Algal toxin in sea food set records + Natural & artificial earthquakes distinguished

#1
Spread of algal toxin through marine food web broke records in 2015
http://www.sciencedaily.com/releases/201...151655.htm

RELEASE: Researchers monitoring the unprecedented bloom of toxic algae along the west coast of North America in 2015 found record levels of the algal toxin domoic acid in samples from a wide range of marine organisms. The toxin was also detected for the first time in the muscle tissue or filet of several commercial fish species.

Investigations led by scientists at the University of California, Santa Cruz, help explain the extraordinary duration and intensity of the 2015 domoic acid event, the spread of the toxin through the marine food web, and its persistence in Dungeness crab months after the algal bloom disappeared from coastal waters. Ocean scientist Raphael Kudela, the Lynn Professor of Ocean Health at UC Santa Cruz, will present the latest research findings at the American Geophysical Union (AGU) Fall Meeting in San Francisco on Friday, Dec. 18, 2015.

Domoic acid is a potent neurotoxin produced by a type of microscopic algae called Pseudo-nitzschia that occurs naturally in coastal waters. Blooms of the toxic algae along the California coast typically occur in the spring and fall and last just a few weeks. This year, however, unusual oceanographic conditions (unrelated to El Niño) led to the largest and longest-lasting bloom ever recorded.

"The duration of the bloom and the intensity of the toxicity were unprecedented, and that led to record levels of the toxin in species such as anchovies, razor clams, and crabs," Kudela said. "We also saw the toxin in organisms and parts of organisms where we thought it was not supposed to be, like the filets of fish."

Monitoring programs are in place to ensure the safety of seafood for human consumption, leading to the closure of several west coast fisheries and the delayed opening of the Dungeness crab season. In humans, domoic acid poisoning is also known as amnesic shellfish poisoning because it may cause permanent loss of short-term memory, as well as neurological and gastrointestinal symptoms. In 1987, four people died of domoic acid poisoning in Canada after eating contaminated mussels, but such cases are rare.

The levels of toxin detected this year in the filets of salmon, rockfish, and ling cod were well below the regulatory limits, Kudela said. But once the toxin gets into the muscle tissue, it will stay in the fish and in the food web much longer than if it is just in the intestinal track.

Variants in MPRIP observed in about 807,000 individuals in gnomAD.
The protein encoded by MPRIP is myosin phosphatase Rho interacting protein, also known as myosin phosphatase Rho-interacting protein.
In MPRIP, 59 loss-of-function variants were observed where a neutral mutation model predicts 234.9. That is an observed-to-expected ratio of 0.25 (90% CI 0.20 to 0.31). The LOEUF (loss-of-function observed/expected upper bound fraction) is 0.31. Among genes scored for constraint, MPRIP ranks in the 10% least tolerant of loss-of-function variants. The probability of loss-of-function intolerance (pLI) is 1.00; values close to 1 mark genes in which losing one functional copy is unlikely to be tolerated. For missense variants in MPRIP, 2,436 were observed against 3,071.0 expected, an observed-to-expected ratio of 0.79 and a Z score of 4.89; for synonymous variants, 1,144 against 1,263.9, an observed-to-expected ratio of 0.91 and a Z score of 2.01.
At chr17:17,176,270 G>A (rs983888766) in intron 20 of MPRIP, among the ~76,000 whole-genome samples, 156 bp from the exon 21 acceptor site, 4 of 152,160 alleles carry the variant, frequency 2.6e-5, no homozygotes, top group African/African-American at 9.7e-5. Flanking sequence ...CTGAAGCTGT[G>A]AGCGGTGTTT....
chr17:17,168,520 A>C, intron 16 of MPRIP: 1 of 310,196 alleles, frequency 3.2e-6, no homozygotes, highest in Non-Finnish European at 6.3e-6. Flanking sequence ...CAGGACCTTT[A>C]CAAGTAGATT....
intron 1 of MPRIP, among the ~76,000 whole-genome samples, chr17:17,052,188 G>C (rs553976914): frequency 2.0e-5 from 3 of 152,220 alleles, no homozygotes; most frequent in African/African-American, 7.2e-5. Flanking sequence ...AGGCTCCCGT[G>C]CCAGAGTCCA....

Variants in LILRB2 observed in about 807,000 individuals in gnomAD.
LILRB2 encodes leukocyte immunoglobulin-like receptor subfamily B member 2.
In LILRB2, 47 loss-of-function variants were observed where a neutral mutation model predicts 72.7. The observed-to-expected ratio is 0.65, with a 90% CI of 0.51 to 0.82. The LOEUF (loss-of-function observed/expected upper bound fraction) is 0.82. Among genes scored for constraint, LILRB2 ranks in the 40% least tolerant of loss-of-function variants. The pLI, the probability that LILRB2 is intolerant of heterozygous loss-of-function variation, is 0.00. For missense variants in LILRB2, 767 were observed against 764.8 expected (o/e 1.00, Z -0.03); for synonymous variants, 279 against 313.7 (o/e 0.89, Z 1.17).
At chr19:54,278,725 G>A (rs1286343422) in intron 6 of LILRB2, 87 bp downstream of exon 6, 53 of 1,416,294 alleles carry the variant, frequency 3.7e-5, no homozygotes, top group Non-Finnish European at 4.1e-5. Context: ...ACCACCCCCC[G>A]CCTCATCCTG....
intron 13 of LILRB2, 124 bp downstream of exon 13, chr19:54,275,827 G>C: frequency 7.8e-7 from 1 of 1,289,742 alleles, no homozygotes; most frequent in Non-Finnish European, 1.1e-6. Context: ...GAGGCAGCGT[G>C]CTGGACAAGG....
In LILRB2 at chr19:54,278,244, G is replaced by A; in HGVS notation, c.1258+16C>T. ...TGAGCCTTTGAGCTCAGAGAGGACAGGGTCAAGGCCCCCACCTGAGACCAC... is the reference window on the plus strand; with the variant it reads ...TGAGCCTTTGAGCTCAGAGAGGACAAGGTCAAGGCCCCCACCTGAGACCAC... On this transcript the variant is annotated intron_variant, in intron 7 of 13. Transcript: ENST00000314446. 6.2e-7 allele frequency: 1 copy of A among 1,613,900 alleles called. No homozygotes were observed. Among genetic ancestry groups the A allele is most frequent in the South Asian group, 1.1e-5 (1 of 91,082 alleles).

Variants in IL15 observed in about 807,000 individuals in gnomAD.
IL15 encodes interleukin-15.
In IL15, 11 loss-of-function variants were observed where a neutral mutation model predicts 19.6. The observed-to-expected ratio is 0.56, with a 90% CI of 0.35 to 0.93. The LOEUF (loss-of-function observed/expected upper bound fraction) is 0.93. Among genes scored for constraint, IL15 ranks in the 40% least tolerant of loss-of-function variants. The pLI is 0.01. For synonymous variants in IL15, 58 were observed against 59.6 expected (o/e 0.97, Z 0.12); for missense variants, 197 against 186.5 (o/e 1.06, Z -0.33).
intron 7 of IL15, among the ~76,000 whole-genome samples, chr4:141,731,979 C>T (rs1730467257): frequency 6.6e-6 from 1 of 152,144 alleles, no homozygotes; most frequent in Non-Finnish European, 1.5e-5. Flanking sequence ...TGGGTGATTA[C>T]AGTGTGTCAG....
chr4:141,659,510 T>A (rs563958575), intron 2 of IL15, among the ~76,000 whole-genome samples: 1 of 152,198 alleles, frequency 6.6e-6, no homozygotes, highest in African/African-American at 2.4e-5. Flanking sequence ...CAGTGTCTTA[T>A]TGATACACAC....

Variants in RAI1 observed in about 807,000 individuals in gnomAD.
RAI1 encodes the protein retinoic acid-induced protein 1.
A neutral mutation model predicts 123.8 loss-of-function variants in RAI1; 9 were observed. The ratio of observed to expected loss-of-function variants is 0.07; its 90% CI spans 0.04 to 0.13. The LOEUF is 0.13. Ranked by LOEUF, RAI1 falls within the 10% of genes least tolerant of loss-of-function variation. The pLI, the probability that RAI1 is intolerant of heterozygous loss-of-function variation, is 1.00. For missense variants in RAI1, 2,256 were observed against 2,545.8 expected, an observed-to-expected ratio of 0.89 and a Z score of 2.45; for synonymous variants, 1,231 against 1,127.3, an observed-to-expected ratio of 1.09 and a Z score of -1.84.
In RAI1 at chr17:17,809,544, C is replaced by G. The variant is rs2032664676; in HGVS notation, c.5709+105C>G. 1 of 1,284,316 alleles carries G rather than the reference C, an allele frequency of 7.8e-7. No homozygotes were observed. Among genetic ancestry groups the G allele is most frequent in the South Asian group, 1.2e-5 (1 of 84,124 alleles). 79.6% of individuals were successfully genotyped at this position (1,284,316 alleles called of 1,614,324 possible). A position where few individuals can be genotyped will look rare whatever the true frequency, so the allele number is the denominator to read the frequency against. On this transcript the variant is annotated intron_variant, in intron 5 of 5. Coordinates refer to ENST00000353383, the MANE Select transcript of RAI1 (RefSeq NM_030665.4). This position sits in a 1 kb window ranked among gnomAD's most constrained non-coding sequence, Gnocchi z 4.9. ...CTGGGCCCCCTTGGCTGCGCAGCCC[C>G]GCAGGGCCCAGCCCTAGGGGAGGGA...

"Before this year, it was a big question whether it gets into the filet at all," he said. "We think what happened is the bloom lasted so long and was so toxic that the prolonged exposure allowed the toxin to perfuse into the muscle tissue, and it also worked its way into the food web to an extent that we hadn't seen before."

The prolonged bloom probably also allowed a lot of toxin to build up in sediments on the seafloor, which would explain why Dungeness crabs are still showing high levels of toxin. Previous studies by Kudela's team showed that sediments on the seafloor can hold a reservoir of toxin that lasts for months after the algal bloom goes away. "The crabs are feeding on the seafloor, and all the things they would typically eat can hold the toxin for months," he said. "It could be another month or longer before the toxin in crabs drops below the regulatory limit everywhere in California."

The good news, Kudela said, is that scientists now have a much better understanding of the factors that lead to Pseudo-nitzschia blooms. His lab has developed a forecasting model that has performed well at predicting where and when domoic acid will be a problem.

A combination of warm water and nutrients creates ideal conditions for a toxic bloom of Pseudo-nitzschia, Kudela said. That's a relatively uncommon combination along the west coast, where wind-driven upwelling of cold deep water is a major source of nutrients in coastal ecosystems. When there's no upwelling of cold water, the layer of warm water on the surface tends to be low in nutrients. Pseudo-nitzschia blooms typically occur during the transitional periods in the spring and fall, when upwelling is getting started or winding down and nutrients mix with warm water for a few weeks.

In 2015, however, the usual patterns were disrupted by a warm-water anomaly known as the 'warm blob,' which first appeared in the North Pacific west of Seattle in late 2013. In 2014, a second warm blob developed off of southern California, and in 2015 they spread into the coastal waters. "We had two pools of warm water hitting the coast in the Pacific Northwest and southern California and merging, so all at once there were warm waters over the whole west coast," Kudela said.